Long-Term Survival Rates Sufficient for Bladder Cancer Patients Treated With Robotic Surgery

PATIENTS diagnosed with bladder cancer (BLC) and treated with robot-assisted surgery experience similar results to those who undergo a traditional open operation.

These findings were taken from the largest multi-institutional study to date, led by researchers at Roswell Park Cancer Institute (RPCI), Buffalo, New York, USA. “We found that robot-assisted radical cystectomy, an advanced surgical procedure used to treat BLC that has spread to the bladder wall or recurred, despite local treatment in the bladder, provides similar early oncological outcomes while reducing operative blood loss,” said Dr Khurshid Guru, Director of Robotic Surgery, Department of Urology, RPCI.

The study is a retrospective review of long-term patient outcomes for cystectomies that currently occupy the International Robotic Cystectomy Consortium, which represents 11 institutions in 6 countries. Data from 702 patients with clinically localised BLC from 2003 to date were analysed for 5-year recurrence-free survival (67%), cancer-specific survival (75%), and overall survival (50%). In comparison with traditional open surgery, patients treated with robot-assisted surgery experienced similar long-term survival outcomes.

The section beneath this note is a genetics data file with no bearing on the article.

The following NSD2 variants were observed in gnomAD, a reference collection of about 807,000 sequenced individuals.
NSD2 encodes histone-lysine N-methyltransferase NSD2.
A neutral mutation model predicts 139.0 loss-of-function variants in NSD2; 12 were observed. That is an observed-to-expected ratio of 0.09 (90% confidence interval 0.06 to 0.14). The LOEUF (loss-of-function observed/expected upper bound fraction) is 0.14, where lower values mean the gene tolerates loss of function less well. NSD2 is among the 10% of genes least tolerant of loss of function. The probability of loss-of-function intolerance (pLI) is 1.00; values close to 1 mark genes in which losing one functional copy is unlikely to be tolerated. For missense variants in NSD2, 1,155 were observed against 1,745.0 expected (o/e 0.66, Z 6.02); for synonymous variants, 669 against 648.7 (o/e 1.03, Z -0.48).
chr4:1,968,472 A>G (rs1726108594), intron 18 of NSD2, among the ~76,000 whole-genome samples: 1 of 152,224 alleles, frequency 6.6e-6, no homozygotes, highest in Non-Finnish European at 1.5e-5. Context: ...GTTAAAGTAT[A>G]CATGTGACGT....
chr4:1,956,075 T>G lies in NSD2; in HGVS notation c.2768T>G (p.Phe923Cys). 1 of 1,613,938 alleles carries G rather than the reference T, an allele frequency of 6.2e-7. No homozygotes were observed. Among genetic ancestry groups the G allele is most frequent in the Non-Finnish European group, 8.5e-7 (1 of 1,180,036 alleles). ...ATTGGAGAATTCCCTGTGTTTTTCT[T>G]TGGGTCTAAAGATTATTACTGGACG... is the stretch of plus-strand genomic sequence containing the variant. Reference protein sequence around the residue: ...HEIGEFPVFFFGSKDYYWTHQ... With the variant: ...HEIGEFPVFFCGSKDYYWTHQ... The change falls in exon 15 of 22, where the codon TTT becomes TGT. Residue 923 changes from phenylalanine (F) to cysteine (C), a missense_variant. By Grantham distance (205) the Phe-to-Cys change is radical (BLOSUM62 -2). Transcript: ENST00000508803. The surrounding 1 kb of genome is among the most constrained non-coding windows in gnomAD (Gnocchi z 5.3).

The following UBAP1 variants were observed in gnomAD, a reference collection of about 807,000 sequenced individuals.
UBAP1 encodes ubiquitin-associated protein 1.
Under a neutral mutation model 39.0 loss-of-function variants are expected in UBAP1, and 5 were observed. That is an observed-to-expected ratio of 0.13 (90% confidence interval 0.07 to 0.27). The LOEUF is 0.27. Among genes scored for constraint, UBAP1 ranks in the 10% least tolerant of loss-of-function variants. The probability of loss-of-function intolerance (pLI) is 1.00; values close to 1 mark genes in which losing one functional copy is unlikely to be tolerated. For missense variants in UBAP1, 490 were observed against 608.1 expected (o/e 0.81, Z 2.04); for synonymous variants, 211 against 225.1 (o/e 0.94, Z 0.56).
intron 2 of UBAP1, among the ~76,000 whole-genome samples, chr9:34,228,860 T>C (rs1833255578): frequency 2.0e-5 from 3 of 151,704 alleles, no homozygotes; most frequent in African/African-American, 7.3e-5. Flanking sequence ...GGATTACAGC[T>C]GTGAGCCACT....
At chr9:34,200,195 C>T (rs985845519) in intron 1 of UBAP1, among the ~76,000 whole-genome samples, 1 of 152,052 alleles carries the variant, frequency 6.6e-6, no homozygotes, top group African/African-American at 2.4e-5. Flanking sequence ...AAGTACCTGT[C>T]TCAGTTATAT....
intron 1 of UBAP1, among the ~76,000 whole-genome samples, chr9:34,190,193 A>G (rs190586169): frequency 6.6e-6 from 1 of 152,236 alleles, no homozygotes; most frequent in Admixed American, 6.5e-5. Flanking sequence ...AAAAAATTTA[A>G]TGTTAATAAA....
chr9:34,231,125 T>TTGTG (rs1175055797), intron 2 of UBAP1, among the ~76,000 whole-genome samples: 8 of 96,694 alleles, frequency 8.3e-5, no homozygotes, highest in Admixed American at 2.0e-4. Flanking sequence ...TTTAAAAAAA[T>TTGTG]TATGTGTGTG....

Robot-assisted surgery is a minimally invasive surgery (MIS) that uses surgical robotic equipment that imitates surgical movements. MIS procedures enable surgeons to operate through small incisions rather than large ones. For patients, robot-assisted surgery may lead to shorter recovery times and minimal blood loss. “Simply developing and using new MIS techniques during surgery is not enough. The medical community demands proof that MIS provides standard oncologic results as effective as open surgical standards,” said Dr James Mohler, Associate Director and Senior Vice President for Translational Research, RPCI. “This research is useful in continuing to document the viability of the new surgical therapies for the treatment of cancer.”

According to the American Cancer Society, 74,000 new cases of BLC will be diagnosed in 2015.

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